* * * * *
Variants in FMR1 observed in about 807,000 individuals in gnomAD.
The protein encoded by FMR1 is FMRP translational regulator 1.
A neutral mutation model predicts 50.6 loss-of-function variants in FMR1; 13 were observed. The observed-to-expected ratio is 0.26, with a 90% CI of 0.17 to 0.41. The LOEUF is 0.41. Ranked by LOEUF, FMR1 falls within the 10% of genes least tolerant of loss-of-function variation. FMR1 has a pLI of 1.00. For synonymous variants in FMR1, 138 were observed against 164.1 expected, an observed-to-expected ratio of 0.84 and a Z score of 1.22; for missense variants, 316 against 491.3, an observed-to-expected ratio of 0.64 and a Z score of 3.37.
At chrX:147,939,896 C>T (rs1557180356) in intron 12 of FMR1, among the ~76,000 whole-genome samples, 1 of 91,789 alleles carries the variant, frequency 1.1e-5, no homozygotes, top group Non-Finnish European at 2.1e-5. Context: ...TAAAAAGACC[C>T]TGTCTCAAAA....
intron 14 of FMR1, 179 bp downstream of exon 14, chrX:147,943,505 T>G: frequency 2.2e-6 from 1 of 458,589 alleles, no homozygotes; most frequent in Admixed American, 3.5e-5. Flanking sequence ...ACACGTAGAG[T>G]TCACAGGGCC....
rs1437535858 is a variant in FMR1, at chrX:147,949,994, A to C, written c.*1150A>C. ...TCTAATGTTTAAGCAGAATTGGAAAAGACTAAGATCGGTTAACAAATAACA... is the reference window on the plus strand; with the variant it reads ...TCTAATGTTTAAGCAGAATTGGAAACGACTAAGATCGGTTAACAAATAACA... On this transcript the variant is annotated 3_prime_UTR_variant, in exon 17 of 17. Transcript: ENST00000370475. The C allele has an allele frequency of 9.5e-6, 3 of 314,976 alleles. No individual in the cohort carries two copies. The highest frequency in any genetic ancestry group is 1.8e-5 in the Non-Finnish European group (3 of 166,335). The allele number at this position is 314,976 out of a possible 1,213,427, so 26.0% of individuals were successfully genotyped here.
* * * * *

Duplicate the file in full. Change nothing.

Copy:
Variants in FMR1 observed in about 807,000 individuals in gnomAD.
The protein encoded by FMR1 is FMRP translational regulator 1.
A neutral mutation model predicts 50.6 loss-of-function variants in FMR1; 13 were observed. The observed-to-expected ratio is 0.26, with a 90% CI of 0.17 to 0.41. The LOEUF is 0.41. Ranked by LOEUF, FMR1 falls within the 10% of genes least tolerant of loss-of-function variation. FMR1 has a pLI of 1.00. For synonymous variants in FMR1, 138 were observed against 164.1 expected, an observed-to-expected ratio of 0.84 and a Z score of 1.22; for missense variants, 316 against 491.3, an observed-to-expected ratio of 0.64 and a Z score of 3.37.
At chrX:147,939,896 C>T (rs1557180356) in intron 12 of FMR1, among the ~76,000 whole-genome samples, 1 of 91,789 alleles carries the variant, frequency 1.1e-5, no homozygotes, top group Non-Finnish European at 2.1e-5. Context: ...TAAAAAGACC[C>T]TGTCTCAAAA....
intron 14 of FMR1, 179 bp downstream of exon 14, chrX:147,943,505 T>G: frequency 2.2e-6 from 1 of 458,589 alleles, no homozygotes; most frequent in Admixed American, 3.5e-5. Flanking sequence ...ACACGTAGAG[T>G]TCACAGGGCC....
rs1437535858 is a variant in FMR1, at chrX:147,949,994, A to C, written c.*1150A>C. ...TCTAATGTTTAAGCAGAATTGGAAAAGACTAAGATCGGTTAACAAATAACA... is the reference window on the plus strand; with the variant it reads ...TCTAATGTTTAAGCAGAATTGGAAACGACTAAGATCGGTTAACAAATAACA... On this transcript the variant is annotated 3_prime_UTR_variant, in exon 17 of 17. Transcript: ENST00000370475. The C allele has an allele frequency of 9.5e-6, 3 of 314,976 alleles. No individual in the cohort carries two copies. The highest frequency in any genetic ancestry group is 1.8e-5 in the Non-Finnish European group (3 of 166,335). The allele number at this position is 314,976 out of a possible 1,213,427, so 26.0% of individuals were successfully genotyped here.